When a light source emits light, several hundred trillions or more of such oscillation directions (pulses) are generated per second and come to you.  If you divide a circle into 360 oscillations directions, how many of these trillions oscillations per second will you receive within each one-degree sector of the circle?  Still some trillions or more you would say.  How far apart will these pulses be?   If you receive say 4.28x1014 pulses per second, then the pulses are 2.34x10-15 seconds (2.34 femtoseconds) apart and you will see the result as red light.  Now if there is a way to receive light in approximately one direction out of so many directions, we say that such light is polarized.  It means that the electric field oscillations occur in one direction only as shown below:

Methods of Polarization:

A few methods of generating polarized light is explained below:

1) Polarization by Reflection:

When light is incident on a transparent surface, it is partially reflected and partially refracted.  If we keep changing the angle of incidence θi , the reflection angle, θrfl keeps changing but remains equal to θi .  The refraction angle, θrfr, keeps changing as well, but according to the Snell's law.  There comes a critical angle of incidence θi = θp , at which the reflected ray is perpendicular to the refracted ray.  When this happens, the reflected ray is polarized and the electric fields of its pulses oscillate in one direction only.   In the following figure, the critical angle of incidence, θp, at which this condition is satisfied is shown and θp is calculated in terms of the refraction indices of the involving media.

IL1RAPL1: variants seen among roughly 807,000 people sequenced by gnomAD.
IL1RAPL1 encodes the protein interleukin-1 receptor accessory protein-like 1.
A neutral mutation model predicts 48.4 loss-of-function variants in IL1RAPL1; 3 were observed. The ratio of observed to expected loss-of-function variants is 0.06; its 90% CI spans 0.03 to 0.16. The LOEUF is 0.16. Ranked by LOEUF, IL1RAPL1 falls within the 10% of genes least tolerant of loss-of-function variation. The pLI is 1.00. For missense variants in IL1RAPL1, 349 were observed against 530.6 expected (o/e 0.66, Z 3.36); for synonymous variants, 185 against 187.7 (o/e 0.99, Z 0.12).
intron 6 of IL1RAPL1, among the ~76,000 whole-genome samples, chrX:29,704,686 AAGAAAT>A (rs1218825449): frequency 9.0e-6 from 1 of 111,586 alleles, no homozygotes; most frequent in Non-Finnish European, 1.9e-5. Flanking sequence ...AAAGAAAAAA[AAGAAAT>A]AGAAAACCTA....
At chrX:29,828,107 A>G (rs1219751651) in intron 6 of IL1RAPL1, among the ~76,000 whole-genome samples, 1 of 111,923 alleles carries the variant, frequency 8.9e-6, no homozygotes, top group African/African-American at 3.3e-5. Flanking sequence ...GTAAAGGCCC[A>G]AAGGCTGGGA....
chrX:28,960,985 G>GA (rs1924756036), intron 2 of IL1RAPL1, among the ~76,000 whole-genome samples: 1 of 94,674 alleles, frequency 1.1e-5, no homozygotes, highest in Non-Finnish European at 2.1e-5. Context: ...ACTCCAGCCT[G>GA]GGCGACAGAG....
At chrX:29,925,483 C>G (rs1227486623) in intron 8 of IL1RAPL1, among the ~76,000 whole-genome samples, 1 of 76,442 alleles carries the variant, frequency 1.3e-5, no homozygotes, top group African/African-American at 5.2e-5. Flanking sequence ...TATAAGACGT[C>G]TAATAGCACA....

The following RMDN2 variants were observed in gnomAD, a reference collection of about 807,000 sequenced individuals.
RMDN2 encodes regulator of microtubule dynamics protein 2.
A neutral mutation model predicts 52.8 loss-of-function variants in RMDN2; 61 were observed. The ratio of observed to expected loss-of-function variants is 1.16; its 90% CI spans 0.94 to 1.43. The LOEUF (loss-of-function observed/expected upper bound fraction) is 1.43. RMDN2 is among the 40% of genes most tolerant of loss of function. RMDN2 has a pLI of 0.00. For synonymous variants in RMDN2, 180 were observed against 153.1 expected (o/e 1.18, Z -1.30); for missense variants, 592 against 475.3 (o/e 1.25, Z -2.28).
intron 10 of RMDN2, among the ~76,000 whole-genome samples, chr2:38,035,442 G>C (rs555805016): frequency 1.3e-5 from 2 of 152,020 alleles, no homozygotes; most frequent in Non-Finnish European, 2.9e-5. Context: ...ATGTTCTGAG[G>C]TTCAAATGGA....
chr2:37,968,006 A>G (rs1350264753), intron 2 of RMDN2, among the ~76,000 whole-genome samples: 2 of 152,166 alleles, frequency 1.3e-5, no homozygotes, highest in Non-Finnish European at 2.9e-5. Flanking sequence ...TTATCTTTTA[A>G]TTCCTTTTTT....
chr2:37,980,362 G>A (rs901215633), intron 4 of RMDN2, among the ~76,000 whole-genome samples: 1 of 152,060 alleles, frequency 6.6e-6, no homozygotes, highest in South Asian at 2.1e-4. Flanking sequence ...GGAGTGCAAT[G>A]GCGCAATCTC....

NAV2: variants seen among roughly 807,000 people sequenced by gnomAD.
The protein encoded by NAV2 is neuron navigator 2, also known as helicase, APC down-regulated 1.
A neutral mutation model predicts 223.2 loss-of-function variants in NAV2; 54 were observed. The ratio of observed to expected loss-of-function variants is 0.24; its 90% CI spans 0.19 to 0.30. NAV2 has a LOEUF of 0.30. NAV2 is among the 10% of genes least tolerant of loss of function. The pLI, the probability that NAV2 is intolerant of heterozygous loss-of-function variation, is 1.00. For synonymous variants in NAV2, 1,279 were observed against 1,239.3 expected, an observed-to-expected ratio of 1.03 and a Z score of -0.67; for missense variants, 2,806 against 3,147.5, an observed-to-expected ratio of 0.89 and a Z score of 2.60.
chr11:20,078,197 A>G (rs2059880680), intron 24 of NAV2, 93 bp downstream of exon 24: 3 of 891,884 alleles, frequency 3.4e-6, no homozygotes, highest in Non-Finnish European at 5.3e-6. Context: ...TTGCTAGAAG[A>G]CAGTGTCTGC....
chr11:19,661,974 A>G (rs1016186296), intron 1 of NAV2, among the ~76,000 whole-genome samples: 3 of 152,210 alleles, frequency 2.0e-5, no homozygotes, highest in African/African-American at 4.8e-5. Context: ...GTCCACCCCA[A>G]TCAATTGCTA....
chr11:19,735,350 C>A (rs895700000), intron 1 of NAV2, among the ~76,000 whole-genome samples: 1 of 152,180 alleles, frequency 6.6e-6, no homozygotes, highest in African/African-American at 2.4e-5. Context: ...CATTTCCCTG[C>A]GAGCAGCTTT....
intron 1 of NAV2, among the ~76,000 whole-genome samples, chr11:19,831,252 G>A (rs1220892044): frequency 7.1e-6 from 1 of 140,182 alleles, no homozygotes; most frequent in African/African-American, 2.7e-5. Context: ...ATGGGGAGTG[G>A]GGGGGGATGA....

If the reflected and refracted rays are at 90 for that special angle of incidence θp , then from the figure it is clear that

  θrfl +90 + θrfr  =180  or,  θrfr  =  90 - θrfl

  Since   n1sin θi = n2sin θrfr    or,

          n1sin θp  =  n2 sin (90 - θrfl )   or,

           n1sin θp  =  n2 cos (θrfl )  or,

           n1sin θp  =  n2 cos (θp)   or,

   tan θp  =  n2 / n1     (Brewster's Law)


2) Polarization by Selective Absorption:

    To Be Added

3) Polarization by Scattering

    To Be Added

Chapter 38 Test Yourself 1:

1)  According to Huygens' principle, waves travel in the form of (a) particles  (b)  wavefronts (c) a hump-like disturbance   click here.

2)  A wavefront is formed as a result of (a) wavelets oscillations on a previous wavefront (b) a change in frequency (c) a change in wavelength.

3)  Each point on a wavefront acts as (a) a wavefront (b) a wavelet (c) an independent source sending out waves in all directions  (d) both b and c.  click here.

4)  Wavefronts (a) do not form in vacuum (b) do form in matter only  (c) form both in matter and vacuum.

5) When a wavefront of light is incident on the interface of two transparent media at a nonzero angle with the normal line, wavelets arrive at the interface (a) simultaneously. (b) at different instances.  (c) at different points  (d) both b and c.    click here.

6) When monochromatic light is refracted at a flat interface, all refracted wavelets travel (a) at the same speed  (b) at the same angle. (c)  both a and b.  (d) on the same wavefront.

7)  When light is refracted into a new medium, (a) its frequency changes only. (b) its wavelength changes only. (c)  both of its frequency and wavelength change in order to keep the same speed. click here.

8)  Diffraction is (a) the separation of light into its constituent colors. (b) the bending of light upon changing medium. (c) is the bending of light upon passing over sharp edges or through small holes or apertures.

9)  The bigger the diameter of a hole that light wavefronts arrive at (a) the more pronounced the diffraction occurrence on the screen ( b) the more the shape of the hole is defined on the screen instead of a clear diffraction pattern.  (c) the more pronounced the refraction phenomenon. 

10)  A clear diffraction pattern on a screen is considered to be (a) the unevenly spaced concentric dark and bright circles  (b) the fairly evenly spaced dark and bright fringes similar to a Young's double-slit experiment  (c) neither a nor b

11)  Fresnel diffraction occurs when (a) the source is far from the aperture or obstruction.  (b) the screen is far from the aperture or obstruction. (c) either the source or screen is near the aperture or obstruction (d) both a and b   click here.